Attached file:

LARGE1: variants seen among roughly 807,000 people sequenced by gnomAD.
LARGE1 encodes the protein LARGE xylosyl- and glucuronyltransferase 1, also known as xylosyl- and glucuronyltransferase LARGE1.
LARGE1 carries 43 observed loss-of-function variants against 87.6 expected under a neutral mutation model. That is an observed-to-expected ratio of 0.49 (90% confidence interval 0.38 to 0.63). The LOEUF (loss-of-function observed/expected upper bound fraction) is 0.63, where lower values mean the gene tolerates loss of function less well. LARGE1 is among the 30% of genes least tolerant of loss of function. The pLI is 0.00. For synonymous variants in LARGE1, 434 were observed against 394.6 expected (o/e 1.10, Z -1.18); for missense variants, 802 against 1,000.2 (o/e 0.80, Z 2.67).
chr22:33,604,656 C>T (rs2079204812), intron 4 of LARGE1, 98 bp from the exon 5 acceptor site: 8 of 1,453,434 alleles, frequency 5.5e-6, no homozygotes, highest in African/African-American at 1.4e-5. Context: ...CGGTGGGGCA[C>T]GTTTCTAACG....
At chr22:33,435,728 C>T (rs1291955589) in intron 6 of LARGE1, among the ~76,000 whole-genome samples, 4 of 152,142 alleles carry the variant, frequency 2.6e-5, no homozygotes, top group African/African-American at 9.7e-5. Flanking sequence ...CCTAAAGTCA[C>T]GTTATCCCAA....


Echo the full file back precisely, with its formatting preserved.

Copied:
LARGE1: variants seen among roughly 807,000 people sequenced by gnomAD.
LARGE1 encodes the protein LARGE xylosyl- and glucuronyltransferase 1, also known as xylosyl- and glucuronyltransferase LARGE1.
LARGE1 carries 43 observed loss-of-function variants against 87.6 expected under a neutral mutation model. That is an observed-to-expected ratio of 0.49 (90% confidence interval 0.38 to 0.63). The LOEUF (loss-of-function observed/expected upper bound fraction) is 0.63, where lower values mean the gene tolerates loss of function less well. LARGE1 is among the 30% of genes least tolerant of loss of function. The pLI is 0.00. For synonymous variants in LARGE1, 434 were observed against 394.6 expected (o/e 1.10, Z -1.18); for missense variants, 802 against 1,000.2 (o/e 0.80, Z 2.67).
chr22:33,604,656 C>T (rs2079204812), intron 4 of LARGE1, 98 bp from the exon 5 acceptor site: 8 of 1,453,434 alleles, frequency 5.5e-6, no homozygotes, highest in African/African-American at 1.4e-5. Context: ...CGGTGGGGCA[C>T]GTTTCTAACG....
At chr22:33,435,728 C>T (rs1291955589) in intron 6 of LARGE1, among the ~76,000 whole-genome samples, 4 of 152,142 alleles carry the variant, frequency 2.6e-5, no homozygotes, top group African/African-American at 9.7e-5. Flanking sequence ...CCTAAAGTCA[C>T]GTTATCCCAA....